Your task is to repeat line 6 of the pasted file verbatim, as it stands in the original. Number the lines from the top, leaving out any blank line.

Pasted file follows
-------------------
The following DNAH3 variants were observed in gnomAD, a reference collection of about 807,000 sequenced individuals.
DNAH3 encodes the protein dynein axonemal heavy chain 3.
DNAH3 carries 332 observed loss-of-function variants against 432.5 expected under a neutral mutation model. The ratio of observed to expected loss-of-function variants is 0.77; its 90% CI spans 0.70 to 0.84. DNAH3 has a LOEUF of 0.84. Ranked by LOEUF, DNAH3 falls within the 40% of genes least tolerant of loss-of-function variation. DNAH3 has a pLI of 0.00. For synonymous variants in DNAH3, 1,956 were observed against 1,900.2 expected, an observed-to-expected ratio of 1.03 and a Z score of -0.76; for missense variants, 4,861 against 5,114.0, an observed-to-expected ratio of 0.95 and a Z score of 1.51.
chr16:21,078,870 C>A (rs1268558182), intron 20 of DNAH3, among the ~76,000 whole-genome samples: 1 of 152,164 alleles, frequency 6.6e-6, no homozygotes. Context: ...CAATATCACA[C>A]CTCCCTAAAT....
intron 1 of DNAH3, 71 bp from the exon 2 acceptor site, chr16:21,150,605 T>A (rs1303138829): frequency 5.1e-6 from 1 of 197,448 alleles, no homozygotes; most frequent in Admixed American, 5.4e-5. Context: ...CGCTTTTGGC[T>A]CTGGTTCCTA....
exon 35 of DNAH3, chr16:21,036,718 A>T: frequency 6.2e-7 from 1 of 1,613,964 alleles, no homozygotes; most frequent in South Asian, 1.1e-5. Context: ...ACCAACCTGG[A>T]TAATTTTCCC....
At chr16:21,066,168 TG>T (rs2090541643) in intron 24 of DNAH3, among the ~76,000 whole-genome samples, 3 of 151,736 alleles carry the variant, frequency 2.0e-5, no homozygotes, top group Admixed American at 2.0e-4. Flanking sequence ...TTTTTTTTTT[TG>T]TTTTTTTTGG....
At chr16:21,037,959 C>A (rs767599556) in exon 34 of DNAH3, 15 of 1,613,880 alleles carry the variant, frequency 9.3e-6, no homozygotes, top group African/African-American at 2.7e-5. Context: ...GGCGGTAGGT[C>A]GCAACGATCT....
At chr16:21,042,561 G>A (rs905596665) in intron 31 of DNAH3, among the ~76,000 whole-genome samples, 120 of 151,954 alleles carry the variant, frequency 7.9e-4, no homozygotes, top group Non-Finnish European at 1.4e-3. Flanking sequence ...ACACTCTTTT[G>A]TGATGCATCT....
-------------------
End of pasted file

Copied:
exon 35 of DNAH3, chr16:21,036,718 A>T: frequency 6.2e-7 from 1 of 1,613,964 alleles, no homozygotes; most frequent in South Asian, 1.1e-5. Context: ...ACCAACCTGG[A>T]TAATTTTCCC....